In abstract algebra, a medial magma (or medial groupoid) is a set with a binary operation which satisfies the identity , or more simply,

using the convention that juxtaposition has higher precedence. This identity has been variously called medial, abelian, alternation, transposition, bi-commutative, bisymmetric, surcommutative, entropic, etc.[1] Any commutative semigroup is a medial magma, and a medial magma has an identity element if and only if it is a commutative monoid. Another class of semigroups forming medial magmas are the normal bands.[2] An elementary example of a nonassociative medial quasigroup can be constructed as follows: take an abelian group except the group of order 2 (written additively) and define a new operation by x * y = (− x) + (− y). A magma M is medial if and only if its binary operation is a homomorphism from the Cartesian square M x M to M. This can easily be expressed in terms of a commutative diagram, and thus leads to the notion of a medial magma object in a category with a cartesian product. (See the discussion in auto magma object.) If f and g are endomorphisms of a medial magma, then the mapping f.g defined by pointwise multiplication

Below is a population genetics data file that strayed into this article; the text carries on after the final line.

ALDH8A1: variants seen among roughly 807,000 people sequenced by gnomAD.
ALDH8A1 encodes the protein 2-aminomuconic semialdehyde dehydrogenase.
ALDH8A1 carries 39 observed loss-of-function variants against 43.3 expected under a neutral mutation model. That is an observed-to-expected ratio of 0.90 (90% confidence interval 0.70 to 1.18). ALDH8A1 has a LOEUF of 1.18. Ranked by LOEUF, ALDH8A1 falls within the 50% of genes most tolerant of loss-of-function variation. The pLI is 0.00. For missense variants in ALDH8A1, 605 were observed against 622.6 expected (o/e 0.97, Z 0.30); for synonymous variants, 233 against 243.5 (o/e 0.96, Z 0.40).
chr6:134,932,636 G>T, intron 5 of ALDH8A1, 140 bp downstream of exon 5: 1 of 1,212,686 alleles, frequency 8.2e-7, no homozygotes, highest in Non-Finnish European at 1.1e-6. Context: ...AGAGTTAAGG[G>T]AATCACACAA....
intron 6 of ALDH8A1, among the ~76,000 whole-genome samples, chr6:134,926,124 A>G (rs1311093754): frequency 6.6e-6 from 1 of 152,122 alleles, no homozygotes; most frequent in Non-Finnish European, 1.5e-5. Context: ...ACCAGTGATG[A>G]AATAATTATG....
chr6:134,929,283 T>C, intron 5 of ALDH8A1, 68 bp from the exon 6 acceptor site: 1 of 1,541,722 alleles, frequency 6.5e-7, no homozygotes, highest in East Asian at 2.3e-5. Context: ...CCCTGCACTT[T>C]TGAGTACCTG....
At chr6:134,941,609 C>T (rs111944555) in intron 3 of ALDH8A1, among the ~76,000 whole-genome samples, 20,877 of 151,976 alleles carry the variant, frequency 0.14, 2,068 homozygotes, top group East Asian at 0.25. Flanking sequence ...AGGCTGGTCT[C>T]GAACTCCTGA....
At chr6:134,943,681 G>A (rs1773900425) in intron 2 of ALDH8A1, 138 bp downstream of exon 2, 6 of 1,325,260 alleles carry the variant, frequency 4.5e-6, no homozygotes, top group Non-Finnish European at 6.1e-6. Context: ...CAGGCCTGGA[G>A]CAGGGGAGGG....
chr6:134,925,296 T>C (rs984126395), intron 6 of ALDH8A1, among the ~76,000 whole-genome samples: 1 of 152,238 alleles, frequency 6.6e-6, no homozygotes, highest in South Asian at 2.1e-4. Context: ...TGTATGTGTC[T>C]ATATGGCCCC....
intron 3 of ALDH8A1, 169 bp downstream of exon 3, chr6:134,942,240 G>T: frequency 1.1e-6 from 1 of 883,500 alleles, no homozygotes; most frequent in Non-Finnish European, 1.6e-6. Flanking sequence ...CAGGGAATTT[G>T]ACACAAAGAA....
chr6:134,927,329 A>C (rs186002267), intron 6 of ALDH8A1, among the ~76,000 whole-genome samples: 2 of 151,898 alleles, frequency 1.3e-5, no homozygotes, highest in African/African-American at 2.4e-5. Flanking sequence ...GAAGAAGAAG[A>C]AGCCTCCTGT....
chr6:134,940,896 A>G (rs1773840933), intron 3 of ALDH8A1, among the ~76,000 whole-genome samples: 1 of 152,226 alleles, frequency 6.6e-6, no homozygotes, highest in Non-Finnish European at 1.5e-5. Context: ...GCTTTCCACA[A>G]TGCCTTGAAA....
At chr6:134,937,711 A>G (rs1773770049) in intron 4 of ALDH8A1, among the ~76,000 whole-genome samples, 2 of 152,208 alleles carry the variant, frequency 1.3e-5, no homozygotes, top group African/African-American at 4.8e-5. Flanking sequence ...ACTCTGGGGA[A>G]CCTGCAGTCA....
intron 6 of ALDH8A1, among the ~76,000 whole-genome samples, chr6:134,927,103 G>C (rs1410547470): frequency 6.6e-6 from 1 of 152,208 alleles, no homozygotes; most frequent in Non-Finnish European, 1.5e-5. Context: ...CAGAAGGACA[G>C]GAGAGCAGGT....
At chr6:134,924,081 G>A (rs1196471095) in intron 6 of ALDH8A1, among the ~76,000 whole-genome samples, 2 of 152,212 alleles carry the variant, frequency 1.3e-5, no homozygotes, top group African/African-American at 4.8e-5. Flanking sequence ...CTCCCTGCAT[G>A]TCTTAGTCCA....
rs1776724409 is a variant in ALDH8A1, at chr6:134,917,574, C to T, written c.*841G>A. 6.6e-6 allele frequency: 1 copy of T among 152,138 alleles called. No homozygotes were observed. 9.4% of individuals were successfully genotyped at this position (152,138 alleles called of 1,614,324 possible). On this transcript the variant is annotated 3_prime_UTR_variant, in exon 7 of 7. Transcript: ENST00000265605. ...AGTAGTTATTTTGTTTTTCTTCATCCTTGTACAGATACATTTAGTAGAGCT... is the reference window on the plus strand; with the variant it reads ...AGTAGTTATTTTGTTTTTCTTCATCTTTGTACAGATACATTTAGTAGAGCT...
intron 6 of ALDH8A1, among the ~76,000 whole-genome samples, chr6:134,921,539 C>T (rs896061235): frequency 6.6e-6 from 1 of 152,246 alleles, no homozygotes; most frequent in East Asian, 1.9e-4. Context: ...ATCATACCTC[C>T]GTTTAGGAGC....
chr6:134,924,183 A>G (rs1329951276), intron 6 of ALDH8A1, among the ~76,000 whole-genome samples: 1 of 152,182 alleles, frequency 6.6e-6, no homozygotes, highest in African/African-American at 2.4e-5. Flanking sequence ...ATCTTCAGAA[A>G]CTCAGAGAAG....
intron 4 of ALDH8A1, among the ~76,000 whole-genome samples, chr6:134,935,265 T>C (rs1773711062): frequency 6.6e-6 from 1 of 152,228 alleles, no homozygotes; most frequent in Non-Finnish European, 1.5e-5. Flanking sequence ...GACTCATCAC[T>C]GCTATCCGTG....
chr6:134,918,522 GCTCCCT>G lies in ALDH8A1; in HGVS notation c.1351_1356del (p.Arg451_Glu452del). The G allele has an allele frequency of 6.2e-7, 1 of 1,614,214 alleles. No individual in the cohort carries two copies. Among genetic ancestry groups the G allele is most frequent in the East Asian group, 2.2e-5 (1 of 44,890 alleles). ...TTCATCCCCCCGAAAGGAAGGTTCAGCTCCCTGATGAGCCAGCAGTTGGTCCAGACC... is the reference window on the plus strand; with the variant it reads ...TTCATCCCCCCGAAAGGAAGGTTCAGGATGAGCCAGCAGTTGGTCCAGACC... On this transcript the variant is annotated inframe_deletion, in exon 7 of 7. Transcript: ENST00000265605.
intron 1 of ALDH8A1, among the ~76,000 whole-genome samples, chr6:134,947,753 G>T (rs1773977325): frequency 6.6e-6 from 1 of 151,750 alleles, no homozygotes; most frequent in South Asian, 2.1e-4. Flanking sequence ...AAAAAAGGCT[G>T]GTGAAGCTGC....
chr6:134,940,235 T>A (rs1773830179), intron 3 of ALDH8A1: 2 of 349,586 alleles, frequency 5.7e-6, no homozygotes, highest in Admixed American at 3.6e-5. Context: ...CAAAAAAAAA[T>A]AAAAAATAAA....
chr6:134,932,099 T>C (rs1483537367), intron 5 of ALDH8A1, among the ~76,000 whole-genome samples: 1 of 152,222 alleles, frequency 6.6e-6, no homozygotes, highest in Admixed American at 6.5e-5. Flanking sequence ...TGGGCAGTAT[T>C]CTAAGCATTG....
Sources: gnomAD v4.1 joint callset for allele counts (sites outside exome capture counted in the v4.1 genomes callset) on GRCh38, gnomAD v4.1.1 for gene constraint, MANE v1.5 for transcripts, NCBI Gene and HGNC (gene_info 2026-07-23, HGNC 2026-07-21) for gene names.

is itself an endomorphism.

[edit] Bruck-Toyoda theorem

The Bruck-Toyoda theorem provides the following characterization of medial quasigroups. Given an abelian group A and two commuting automorphisms φ and ψ of A, define an operation ∗ on A by x ∗ y = φ(x) + ψ(y) + c

where c some fixed element of A. It is not hard to prove that A forms a medial quasigroup under this operation. The Bruck-Toyoda theorem states that every medial quasigroup is of this form, i.e. is isomorphic to a quasigroup defined from an abelian group in this way.[3] In particular, every medial quasigroup is isotopic to an abelian group. [edit] Generalizations

The term medial or (more commonly) entropic is also used for a generalization to multiple operations. An algebraic structure is an entropic...

(1)